American Music

Violent Femmes co-founder Brian Ritchie opens up about still selling out shows after all these years, new material and that famous lawsuit

The Violent Femmes are, from left, John Sparrow, Gordon Gano and Brian Ritchie. - EBRU YILDIZ PHOTO
Ebru Yildiz photo
The Violent Femmes are, from left, John Sparrow, Gordon Gano and Brian Ritchie.

Some bands are late bloomers. And in 1980, when the Milwaukee three-piece Violent Femmes first formed, not everyone was ready for their doo-wop/folk-infused rock. It wasn't until eight years after their 1983 self-titled debut was released that the record finally went platinum.

Through the past 36 years, there have been breakups — including in 2009, after bassist Brian Ritchie sued frontman Gordon Gano after he sold the advertising rights for their big hit "Blister in the Sun" to Wendy's — a rotating roster of drummers, a new generation of angsty fans and a whole lot of touring, including a mostly sold-out run this year.

This week the band rolls through the Knitting Factory, touting their March release We Can Do Anything, their first album in 16 years. Spokane is a special place for the band, as Gano's parents lived in Spokane Valley for many years and Ritchie has a place in Washington state, although he spends most of his time in Australia.

Ritchie was kind enough to answer our questions via email. Here's what he had to say.

INLANDER: You keep selling out your shows all over the country (including Spokane), after so many years. What is that like, having people show up and care?

RITCHIE: We used to be able to throw darts at a map of the USA and route the tour that way, and expect every show to be sold out. Then we had a strategy of doing only protected gigs, such as festivals or other soft ticket events. Now we're back to the clubs and theatres and selling out everything. We just finished up a 16-date Australian tour that was totally sold out. I don't know what we can attribute this to, unless it's a sense of renewed vitality and a couple of good record releases in the last year. However, we can't be complacent, we have to cultivate our credibility if we can hope for this renaissance to continue. It feels great, and it's always satisfying to see young new faces, who are likely seeing the band for the first time.

Where are you right now?

I just woke up in Las Vegas after arriving here on the bus at 4:30 am last night. Thinking about doing yoga and practicing some shakuhachi [a Japanese flute].

Part of your band's legend is that you were discovered outside a Pretenders show and you were invited by Chrissie Hynde to go out and open for them. Is this all true?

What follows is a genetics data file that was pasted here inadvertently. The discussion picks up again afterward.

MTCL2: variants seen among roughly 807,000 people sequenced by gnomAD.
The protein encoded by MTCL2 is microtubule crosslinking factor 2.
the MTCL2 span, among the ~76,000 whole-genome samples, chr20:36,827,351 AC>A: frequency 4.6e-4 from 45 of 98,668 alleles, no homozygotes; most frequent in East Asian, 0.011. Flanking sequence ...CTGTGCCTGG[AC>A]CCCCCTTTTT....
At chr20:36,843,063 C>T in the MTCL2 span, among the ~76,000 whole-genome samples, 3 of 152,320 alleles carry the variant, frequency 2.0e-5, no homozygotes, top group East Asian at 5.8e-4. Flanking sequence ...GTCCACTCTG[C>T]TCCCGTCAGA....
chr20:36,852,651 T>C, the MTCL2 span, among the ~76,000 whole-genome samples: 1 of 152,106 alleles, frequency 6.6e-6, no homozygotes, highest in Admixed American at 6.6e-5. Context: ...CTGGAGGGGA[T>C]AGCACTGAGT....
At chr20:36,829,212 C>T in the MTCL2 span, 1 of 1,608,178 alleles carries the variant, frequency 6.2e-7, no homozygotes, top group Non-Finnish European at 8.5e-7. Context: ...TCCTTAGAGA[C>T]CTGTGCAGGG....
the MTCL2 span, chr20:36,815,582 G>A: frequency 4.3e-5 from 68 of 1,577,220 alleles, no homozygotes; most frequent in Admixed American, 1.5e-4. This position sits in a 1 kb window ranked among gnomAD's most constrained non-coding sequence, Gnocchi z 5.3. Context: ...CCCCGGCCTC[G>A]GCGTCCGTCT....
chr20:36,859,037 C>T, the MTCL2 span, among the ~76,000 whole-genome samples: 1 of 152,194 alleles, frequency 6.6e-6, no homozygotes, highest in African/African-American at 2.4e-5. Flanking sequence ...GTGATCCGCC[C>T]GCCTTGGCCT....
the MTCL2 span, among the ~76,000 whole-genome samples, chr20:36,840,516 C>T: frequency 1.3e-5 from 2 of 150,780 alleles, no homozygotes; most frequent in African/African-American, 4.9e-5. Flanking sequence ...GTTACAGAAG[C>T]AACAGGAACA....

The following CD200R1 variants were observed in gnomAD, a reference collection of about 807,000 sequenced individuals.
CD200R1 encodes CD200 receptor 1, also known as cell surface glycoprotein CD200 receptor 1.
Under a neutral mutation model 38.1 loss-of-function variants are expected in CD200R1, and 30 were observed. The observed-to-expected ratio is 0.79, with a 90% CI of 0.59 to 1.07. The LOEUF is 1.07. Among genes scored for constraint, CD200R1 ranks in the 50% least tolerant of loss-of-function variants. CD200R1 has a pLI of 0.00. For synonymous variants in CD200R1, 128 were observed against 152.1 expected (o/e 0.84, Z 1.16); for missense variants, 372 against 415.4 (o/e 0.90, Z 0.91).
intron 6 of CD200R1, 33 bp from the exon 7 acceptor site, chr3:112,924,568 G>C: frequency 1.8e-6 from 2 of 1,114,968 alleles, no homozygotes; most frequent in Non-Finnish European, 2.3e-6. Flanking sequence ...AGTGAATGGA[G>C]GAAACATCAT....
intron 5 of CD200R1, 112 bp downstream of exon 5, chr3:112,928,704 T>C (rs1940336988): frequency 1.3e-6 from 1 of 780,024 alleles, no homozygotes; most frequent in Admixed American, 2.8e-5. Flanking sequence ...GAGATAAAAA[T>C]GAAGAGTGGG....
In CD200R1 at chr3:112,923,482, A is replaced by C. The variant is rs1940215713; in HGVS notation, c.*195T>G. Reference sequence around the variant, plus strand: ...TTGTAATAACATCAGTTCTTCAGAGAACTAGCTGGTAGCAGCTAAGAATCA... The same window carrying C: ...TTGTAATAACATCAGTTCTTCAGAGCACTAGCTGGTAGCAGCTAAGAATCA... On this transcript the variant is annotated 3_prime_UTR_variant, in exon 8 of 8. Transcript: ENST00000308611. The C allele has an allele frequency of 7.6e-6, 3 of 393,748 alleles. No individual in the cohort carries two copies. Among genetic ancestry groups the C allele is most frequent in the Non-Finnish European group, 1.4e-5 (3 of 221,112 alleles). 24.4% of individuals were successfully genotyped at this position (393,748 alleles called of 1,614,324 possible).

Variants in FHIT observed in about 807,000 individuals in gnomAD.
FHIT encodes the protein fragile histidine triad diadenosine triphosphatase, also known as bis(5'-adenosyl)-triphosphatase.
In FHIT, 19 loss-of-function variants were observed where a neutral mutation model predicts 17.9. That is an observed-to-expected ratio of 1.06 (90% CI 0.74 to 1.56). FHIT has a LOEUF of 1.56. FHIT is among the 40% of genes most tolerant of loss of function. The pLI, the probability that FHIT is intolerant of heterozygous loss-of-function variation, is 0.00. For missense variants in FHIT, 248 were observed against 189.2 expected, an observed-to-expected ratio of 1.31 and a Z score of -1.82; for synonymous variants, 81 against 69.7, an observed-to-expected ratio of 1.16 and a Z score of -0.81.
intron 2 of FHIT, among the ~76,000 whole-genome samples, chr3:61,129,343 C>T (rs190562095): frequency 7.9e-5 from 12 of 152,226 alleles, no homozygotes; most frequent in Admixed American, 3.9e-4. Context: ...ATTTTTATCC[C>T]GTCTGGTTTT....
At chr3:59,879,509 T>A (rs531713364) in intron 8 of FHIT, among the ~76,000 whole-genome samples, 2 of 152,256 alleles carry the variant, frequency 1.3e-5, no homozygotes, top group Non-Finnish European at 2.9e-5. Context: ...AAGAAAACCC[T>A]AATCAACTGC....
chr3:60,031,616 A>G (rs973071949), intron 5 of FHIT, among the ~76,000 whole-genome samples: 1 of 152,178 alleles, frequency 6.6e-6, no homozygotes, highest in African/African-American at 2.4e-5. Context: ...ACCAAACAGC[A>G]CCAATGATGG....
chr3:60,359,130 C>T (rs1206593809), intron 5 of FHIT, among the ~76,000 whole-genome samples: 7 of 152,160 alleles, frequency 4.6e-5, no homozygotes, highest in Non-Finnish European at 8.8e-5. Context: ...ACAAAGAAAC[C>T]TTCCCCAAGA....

It was summer in Milwaukee, so rather than rehearse indoors we would habitually go out on the street to play. We were playing outside a theater where Pretenders were playing and James Honeyman-Scott was watching us. We didn't recognize him. He went in and brought out the rest of the band. After a few songs Chrissie invited us to open the show that night. About 90 percent of the audience was booing us but by the end it was only 50 percent. Thousands of people have told us they were at that show. We ask if they were the ones booing. It didn't lead to anything, but the Pretenders' confidence in our music boosted our self-esteem.

Do you ever miss those early and wild days?

Gordon and I are not nostalgic by nature. We like what we are doing now better than trying to relive the past. But looking back, the very early days before we joined the real music industry are still my favorite. It was great wandering up and down the street playing for people, house parties and guerrilla shows. Mind you, we did all that because we couldn't get conventional gigs. Club owners thought we were very weird. In 1981 most people did not even think what we were doing was rock music. We would sit in a circle and split the money up after each adventure and we were able to live totally outside conventional structures. That changed when we signed a record deal and started touring. The '80s at the time appeared restrictive to us, but in retrospect there was still a lot of freedom there, which seems to have dissipated now. It's not fashionable to be a starving artist any more. For one thing, everyone needs to own a computer. We couldn't have afforded computers in those days. No designer jeans either!

First album in 16 years? Whoa. What was the writing process like for this?

The songs are a combination of newly written material and some stuff lingering from upwards of 20-25 years ago. In fact, all of our albums are like that. We have never done an album of all new songs.

How did you move on from the whole lawsuit stuff?

Well, Velvet Underground, Talking Heads and the Beatles have all done it, so we're in good company. Difference is we were able to put it behind us. A lot of people have expressed respect for us that we were willing to sort that out.

Are the Horns of Dilemma going to be on hand for the new show? What else can we expect from the set?

Besides [drummer John] Sparrow, we have Blaise Garza on sax, who has been with us since age 14. He was a secondary player for a number of years, but with the passing of the great Steve Mackay (who also played for the Stooges) he has graduated to the main sax role. We think this particular lineup of Violent Femmes and the Horns of Dilemma is the best lineup yet. Lean and mean. ♦

Violent Femmes with Phoebe Bridgers • Tue, May 17, at 8 pm • Sold out • All-ages • Knitting Factory • 919 W. Sprague • • 244-3279